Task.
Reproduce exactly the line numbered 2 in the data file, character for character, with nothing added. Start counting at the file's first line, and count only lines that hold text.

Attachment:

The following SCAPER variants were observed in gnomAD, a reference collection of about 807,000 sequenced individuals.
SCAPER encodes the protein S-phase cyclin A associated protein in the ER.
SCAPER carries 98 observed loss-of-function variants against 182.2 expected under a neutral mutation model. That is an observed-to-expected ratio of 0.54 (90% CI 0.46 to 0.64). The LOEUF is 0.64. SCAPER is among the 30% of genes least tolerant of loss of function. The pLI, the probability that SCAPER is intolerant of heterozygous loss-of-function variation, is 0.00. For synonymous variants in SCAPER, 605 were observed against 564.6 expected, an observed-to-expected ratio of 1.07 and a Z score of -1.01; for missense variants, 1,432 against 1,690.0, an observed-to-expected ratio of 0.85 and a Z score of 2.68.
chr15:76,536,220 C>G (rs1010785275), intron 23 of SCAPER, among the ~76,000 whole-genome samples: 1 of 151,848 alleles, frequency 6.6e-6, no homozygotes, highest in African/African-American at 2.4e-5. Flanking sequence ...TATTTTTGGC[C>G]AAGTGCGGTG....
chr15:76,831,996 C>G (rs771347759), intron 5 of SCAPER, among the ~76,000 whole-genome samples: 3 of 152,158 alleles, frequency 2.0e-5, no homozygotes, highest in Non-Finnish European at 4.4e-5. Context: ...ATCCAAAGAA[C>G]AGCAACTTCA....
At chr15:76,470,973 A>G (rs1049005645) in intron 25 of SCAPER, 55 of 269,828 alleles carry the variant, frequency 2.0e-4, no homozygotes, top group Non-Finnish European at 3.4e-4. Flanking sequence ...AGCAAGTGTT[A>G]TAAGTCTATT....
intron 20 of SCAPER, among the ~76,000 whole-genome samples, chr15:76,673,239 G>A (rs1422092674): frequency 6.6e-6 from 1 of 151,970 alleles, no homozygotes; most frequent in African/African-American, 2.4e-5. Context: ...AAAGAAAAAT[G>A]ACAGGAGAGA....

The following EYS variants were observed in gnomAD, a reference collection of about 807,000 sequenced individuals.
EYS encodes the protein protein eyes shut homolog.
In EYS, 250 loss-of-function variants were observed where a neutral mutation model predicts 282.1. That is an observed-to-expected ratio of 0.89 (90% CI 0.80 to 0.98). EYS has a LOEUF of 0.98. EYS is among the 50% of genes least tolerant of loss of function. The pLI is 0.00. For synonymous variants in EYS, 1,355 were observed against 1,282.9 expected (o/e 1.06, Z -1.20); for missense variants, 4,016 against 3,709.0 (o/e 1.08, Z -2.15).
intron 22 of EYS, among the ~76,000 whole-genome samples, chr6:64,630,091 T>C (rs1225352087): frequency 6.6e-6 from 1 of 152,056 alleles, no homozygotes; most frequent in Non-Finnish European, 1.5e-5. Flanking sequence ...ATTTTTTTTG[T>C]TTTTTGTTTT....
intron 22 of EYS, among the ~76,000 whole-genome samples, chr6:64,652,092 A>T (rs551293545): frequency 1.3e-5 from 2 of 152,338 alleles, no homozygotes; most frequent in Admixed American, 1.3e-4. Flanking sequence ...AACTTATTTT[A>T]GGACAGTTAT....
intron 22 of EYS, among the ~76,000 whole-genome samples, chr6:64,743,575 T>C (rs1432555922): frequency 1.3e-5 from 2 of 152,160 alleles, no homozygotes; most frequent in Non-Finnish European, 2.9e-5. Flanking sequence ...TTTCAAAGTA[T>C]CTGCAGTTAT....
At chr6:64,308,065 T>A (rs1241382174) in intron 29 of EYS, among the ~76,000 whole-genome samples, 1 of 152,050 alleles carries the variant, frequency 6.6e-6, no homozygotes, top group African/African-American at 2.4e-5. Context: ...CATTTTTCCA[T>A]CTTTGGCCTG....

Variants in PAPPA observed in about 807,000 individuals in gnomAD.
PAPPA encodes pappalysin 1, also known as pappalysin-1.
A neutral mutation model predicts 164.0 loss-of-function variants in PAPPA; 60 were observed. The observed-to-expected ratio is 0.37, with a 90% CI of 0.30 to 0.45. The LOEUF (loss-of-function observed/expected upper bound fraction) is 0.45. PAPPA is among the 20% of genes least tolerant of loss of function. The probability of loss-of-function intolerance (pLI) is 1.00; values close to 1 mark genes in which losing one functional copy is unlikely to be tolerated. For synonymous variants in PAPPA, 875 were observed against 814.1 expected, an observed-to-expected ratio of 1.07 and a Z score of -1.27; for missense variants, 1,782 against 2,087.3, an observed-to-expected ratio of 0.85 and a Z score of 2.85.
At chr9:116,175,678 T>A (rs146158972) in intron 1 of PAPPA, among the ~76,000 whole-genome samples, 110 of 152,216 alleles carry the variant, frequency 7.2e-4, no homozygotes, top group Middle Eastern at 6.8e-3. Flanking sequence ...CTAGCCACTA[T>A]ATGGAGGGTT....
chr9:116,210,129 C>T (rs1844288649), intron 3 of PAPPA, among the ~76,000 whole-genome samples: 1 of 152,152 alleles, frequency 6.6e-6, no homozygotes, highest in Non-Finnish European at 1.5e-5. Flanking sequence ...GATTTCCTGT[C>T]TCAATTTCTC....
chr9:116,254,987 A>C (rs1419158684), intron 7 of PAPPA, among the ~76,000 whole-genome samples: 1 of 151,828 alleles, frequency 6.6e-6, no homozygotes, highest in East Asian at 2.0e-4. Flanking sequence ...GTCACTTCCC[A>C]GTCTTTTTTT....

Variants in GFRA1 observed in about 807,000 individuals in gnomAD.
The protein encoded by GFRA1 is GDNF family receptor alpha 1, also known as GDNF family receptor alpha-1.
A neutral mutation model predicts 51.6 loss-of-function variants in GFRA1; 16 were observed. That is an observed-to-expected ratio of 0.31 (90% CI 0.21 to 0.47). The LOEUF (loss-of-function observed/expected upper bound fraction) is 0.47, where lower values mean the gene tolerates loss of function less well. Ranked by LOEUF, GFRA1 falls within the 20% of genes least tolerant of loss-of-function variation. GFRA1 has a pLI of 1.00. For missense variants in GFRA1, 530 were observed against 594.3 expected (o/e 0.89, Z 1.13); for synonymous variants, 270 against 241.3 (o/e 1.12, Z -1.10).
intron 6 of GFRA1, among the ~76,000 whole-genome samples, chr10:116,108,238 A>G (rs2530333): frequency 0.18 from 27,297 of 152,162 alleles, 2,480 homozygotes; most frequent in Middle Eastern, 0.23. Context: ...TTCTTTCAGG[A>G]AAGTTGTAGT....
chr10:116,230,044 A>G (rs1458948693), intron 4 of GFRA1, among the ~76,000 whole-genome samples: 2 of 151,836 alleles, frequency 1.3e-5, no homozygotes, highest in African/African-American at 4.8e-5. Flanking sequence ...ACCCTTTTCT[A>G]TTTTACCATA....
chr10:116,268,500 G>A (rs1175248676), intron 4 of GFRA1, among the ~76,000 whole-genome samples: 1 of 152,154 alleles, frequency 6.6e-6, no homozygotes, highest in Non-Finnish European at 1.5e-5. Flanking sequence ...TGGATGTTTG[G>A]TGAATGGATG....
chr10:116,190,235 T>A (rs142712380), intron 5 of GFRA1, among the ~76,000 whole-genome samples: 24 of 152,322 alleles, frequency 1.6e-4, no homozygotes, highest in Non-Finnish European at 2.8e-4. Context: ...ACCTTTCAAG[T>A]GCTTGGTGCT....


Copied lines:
SCAPER encodes the protein S-phase cyclin A associated protein in the ER.